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Ideal Gyuto for a Pastry Chef

post #1 of 17
Thread Starter 

First post. I am looking for a smaller Chet's knife to help me do my job a little easier. I'm a pastry chef in a big upper scale restaurant. I'm pretty much set on a 210 gyuto, but just not sure of the brand. Many people I work with use Misonos , and I like them, but was looking for something g that may hold its edge longer and take one a bit better. I've heard great things about the Masamoto VG stuff but have also heard that they are a little more flexible than desired. I was wondering if anyone had experience with the Masamoto VG, Misono 440, Kikuichi TKC, and maybe even the Togiharu Pro and would be able to talk about some pros and cons. I hardly ever cut any meats as I'm in pastry so I don't need something that's a laser just to cut fruits, veggies, herbs and nuts, but would like the best possible choice in my price range (which is around $200). Any and all feedback is definitely appreciated.
post #2 of 17

I'll get the ball rolling, how will you be sharpening your knives? What do you currently use? Why 210mm?

post #3 of 17

For a pastry chef would a 240-270 sujihiki be a better choice?

post #4 of 17
Thread Starter 
Thanks for the replies. I will be sharpening the knife myself with the set of stones I have. For the most part,I am using my MAC mini santoku paring knife for the jobs this knife would have. If Inneed a bigger knife, I use my old trusty 10" Mercer that I receive in my culinary school kit 6 or 7 years ago. It needs to be replaced by something preferably lighter and sharper. I don't cut any meats or fish at all and a lot of the time I am cutting fruits, veggies , herbs and nuts and to me a 10" is overkill and a paring is not big enough sometimes. I'm looking for something rich in the middle and would prefer to get a gyuto over a santoku.
post #5 of 17

hehe, in that case wouldn't a 150mm petty be what you want? :p

post #6 of 17
There is a stainless monosteel Hiromoto in Gingami3 210mm petty/sujihiki with JCK, $105.
post #7 of 17

Maybe The Kikuichi Molybdenum line or the Masahiro Molybdenum (MV) series? Price range for those for a 210mm Gyuto is approx $130-$160 depending on where you purchase it from.

post #8 of 17

If you're an adequate sharpener, know how to thin etc I'd say to get a Richmond Artifex. Won't break the bank, and by all accounts its a great knife for the money. I'd surely get one if only I was in the US.

post #9 of 17

me thinks a stuff 210mm petty/sujihiki would work better for him...


maybe something like a hiromoto 210mm petty in ginsanko (great stainless!) would work better.

post #10 of 17
Thread Starter 
I use a 5" utility knife quite a bit at my overnight baking gig. I need something that is a more adequate chopper. I'd rather have a smaller chef knife than a larger paring knife. I really like what I'm hearing about the Hattori FM and the Masamoto VG. The Kikuichi that I wanted to look at wont be avalilable here in the States for another few months. Thanks for the advice, people.
post #11 of 17

There's nothing about an 8" chef's knife which makes it less "overkill" than a 10" chef's knife.  A shorter knife is better in a small work area, but that's about it.  Yes, it "points" (i.e., the point goes where you want it to go) more intuitively, but if you have a good grip that advantage disappears.  Otherwise, an 8" knife has more belly, a shorter flat run, will handicap you with large handfuls, and won't stay usably sharp as long.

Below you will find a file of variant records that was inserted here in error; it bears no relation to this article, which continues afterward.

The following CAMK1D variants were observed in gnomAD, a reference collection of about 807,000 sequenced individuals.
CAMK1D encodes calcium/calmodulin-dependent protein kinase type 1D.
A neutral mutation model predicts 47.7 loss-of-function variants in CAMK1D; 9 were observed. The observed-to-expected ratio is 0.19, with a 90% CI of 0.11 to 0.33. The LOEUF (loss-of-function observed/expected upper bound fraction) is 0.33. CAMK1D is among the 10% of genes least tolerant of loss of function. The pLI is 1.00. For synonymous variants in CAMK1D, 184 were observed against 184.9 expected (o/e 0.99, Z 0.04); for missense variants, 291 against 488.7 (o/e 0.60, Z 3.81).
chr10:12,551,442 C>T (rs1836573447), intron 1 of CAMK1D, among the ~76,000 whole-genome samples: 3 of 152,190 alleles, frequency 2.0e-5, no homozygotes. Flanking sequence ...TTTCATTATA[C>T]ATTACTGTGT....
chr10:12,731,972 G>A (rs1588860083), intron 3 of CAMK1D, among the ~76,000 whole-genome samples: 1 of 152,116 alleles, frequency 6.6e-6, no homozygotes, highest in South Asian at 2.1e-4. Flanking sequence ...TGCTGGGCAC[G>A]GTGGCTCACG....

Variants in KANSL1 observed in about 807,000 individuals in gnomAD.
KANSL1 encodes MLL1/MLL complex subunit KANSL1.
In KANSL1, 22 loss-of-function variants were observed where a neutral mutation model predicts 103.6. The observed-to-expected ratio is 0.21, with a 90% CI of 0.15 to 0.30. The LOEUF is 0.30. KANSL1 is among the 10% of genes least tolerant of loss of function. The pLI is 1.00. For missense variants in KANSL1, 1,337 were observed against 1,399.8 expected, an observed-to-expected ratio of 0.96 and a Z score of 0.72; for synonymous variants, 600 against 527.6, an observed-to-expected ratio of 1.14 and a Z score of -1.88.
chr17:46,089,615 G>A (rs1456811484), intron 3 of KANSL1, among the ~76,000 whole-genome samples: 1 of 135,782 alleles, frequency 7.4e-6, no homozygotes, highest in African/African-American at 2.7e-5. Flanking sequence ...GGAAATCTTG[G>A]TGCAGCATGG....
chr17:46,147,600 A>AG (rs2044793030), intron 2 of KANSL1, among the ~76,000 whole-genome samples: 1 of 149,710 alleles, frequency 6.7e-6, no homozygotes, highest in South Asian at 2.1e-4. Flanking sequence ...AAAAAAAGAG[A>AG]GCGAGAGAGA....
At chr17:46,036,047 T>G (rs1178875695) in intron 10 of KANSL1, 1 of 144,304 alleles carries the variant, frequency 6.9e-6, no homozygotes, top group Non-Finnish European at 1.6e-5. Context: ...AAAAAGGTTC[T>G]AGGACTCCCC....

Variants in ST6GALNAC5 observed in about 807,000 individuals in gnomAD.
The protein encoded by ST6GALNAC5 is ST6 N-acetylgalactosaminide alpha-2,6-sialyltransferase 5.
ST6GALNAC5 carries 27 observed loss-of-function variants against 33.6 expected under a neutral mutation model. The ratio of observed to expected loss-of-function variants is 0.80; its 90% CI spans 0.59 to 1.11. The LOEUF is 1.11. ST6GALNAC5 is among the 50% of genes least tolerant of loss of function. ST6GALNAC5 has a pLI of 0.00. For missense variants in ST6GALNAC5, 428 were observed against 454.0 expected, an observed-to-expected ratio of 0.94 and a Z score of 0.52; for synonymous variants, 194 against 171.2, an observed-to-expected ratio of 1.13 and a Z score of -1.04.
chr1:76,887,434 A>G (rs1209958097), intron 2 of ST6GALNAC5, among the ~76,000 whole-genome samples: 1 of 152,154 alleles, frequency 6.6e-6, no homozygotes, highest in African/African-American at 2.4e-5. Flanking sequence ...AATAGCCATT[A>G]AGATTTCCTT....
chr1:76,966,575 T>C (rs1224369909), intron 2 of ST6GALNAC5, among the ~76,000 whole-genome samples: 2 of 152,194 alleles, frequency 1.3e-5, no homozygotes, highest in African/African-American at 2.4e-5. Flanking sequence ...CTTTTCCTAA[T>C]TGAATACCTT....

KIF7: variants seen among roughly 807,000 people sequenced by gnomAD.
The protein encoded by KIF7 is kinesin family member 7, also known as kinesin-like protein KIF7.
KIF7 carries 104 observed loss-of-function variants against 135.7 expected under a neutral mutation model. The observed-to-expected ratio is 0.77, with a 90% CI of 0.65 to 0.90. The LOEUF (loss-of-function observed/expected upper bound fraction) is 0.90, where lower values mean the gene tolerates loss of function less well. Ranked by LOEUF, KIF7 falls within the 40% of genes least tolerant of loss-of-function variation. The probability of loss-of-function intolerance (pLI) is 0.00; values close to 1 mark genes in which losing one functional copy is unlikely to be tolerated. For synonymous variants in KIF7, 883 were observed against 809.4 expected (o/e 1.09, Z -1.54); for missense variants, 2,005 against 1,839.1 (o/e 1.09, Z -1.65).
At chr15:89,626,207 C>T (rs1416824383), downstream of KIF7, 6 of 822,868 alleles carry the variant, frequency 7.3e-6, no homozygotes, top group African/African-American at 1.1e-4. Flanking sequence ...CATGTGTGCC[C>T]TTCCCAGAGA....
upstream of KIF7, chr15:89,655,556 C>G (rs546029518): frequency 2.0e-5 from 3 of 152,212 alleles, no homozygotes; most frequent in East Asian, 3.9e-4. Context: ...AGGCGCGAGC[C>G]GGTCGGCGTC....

As far as I know, Hattori doesn't make an FM and never has; but I'm not on expert on Hattori.  They do currently manufacture the FH (aka "Forum Knife") and HD, but (again) as far as I know, no longer make the KD (or at least not in numbers big enough to make a dent in the years long waiting list). 


The FH is an excellent and very attractive knife, but pricey.  It's light, agile and well profiled.  Probably as a result of Hattori's hardening process it has less of a tendency to chip than just about any other VG-10 knife.  Everything taken together, it's probably the best VG-10 knife on the market.  Pricey though. 


The HD is a very well finished, san-mai (three layer laminate) with a VG-10 core.  It's certainly one of the best of the type and is competitively priced for the type.  Good choice, if you like the type.  


The Masamoto VG is a very good chef's knife in just about every respect.  I'm not sure whether it matters to you or not but Masamoto VGs are not and never were made with VG-10.  Current propaganda from Masamoto has it that the alloy is "proprietary."  Whatever it is, it's a lot like VG-2.  In other words, it takes an edge well, holds it well, and can be routinely maintained on a steel between sharpenings.  I particularly like Masamoto's chef's knife profile, which -- except for the dropped tip -- feels just like Sabatier's.  Over the years, Masamoto has had some QC / F&F problems with handles on their western style knives.  If you decide on a VG make sure you have your retailer check to make sure the handle fits perfectly before shipping.  Also, if it matters, Masamoto factory edges can be a bit iffy.  


The Hiromoto G3 is an okay knife for the price.  Hiromoto's claim to fame is giving you a big-name alloy at a reasonable price, but there's a lot more to a knife blade than the identity of the alloy.  Overall, I'd say that it's a lot more knife for the money than Hiromoto's AS but, like the AS, is nothing to write home about. 


The Misono 440 is a little tough to analyze.  It's a well made, comfortable knife but the world -- or at least the part of it which includes US knife enthusiasts -- has moved on from 440 steel alloys.  All things considered, I think a Misono Moly series knife is more bang for the buck -- but the 440s have better F&F.  I like Misonos a lot but not as much as the Masamotos.